In what could be another step forward towards a new way of promoting and distributing music in the digital age, Nine Inch Nails released their new album for free on their website. Lossy and Lossless versions of “The Slip” are making their way around the world as eager fans count down the kilobytes remaining on their downloads.
So is this album any good? After listening to Nine Inch Nails since my self-imposed troubled adolescence, through album after album, and tour after tour, it would appear NiN has evolved much like a finely-aged wine. Their new recording demonstrates experience in their well-placed rhythms and notable lyrics. The opening track, 999,999 appears to be little more than a symbolic placeholder with no musical representation. It does, however flow nicely into 1,000,000 which has a classic NiN tone blended into an energetic rhythm. Letting You has a very fast and over-distorted quality about it, reminiscent of their late 90s sound.
Discipline is a great track, which brings me back to title tracks like Closer. At this point it becomes somewhat apparent at the nostalgic qualities of this recording, and how it blends many of the things that made Nine Inch Nails work, while leaving out qualities that fans are happy they left behind. Echoplex starts with a cheesy drum beat that sounds as though it came right off an old keyboard. This eyebrow-raising moment is quickly rescued by Trent’s best vocal piece on this recording. Head Down began as my least favorite piece, sounding seemingly thrown together and sloppy. This track grows on you near the middle, giving you a mix of tone and fuzz that leaves you almost wanting more. Towards the end, it levels out and has a steady rhythm.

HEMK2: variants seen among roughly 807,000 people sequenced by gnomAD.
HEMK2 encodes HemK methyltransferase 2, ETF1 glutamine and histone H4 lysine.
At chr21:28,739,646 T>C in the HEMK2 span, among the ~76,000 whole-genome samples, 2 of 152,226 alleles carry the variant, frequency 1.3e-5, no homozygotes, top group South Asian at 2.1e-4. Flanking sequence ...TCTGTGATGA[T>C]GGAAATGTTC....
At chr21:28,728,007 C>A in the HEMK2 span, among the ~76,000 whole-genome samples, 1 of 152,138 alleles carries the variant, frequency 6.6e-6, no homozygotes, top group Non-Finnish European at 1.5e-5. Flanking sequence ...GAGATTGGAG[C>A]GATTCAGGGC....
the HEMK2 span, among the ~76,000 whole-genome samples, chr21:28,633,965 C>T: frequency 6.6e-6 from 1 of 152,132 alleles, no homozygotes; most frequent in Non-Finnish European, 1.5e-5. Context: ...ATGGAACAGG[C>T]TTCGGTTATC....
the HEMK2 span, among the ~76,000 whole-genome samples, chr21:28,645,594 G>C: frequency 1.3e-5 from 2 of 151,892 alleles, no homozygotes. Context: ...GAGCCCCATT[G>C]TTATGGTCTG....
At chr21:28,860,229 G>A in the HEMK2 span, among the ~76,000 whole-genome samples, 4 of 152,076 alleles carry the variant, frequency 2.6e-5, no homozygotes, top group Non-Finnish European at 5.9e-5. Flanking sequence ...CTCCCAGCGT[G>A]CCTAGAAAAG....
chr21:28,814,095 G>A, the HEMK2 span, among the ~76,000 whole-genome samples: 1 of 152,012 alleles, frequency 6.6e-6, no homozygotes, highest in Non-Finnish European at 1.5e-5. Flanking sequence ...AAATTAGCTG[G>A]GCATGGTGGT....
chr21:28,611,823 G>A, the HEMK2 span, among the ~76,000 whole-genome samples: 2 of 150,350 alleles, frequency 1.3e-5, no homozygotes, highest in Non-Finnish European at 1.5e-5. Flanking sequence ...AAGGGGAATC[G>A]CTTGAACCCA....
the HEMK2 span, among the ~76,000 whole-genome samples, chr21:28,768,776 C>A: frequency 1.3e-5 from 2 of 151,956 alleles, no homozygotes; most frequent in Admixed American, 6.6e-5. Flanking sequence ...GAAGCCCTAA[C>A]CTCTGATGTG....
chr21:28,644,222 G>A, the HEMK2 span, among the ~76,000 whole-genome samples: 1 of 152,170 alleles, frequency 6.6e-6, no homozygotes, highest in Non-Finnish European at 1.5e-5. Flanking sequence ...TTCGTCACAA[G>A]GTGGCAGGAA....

Lights in the Sky brings back memories of hearing Hurt for the first time. The lyrics are hard to hear over the piano playing, which is quite intentional and delightfully entangling. Itâ€™s is as immersive as it is disturbing, and the following track Corona Radiata gives an eerie sense of what’s to come. The Four of Us are Dying emerges from the mellow track and into a river of sound and ambience.
Demon Seed is a great ending to a solid album that gives listeners a blend of virtually every sound and mood from the tracks it follows.
Overall, this is certainly a recording worth listening to, and the price can’t be beat. When the CD goes on sale this summer, I’ll certainly pick up a copy in thanks for this wonderful opportunity to experience a new era for Nine Inch Nails. You can get your free copy of The Slip at NiN.com
Matt Ryan and Kali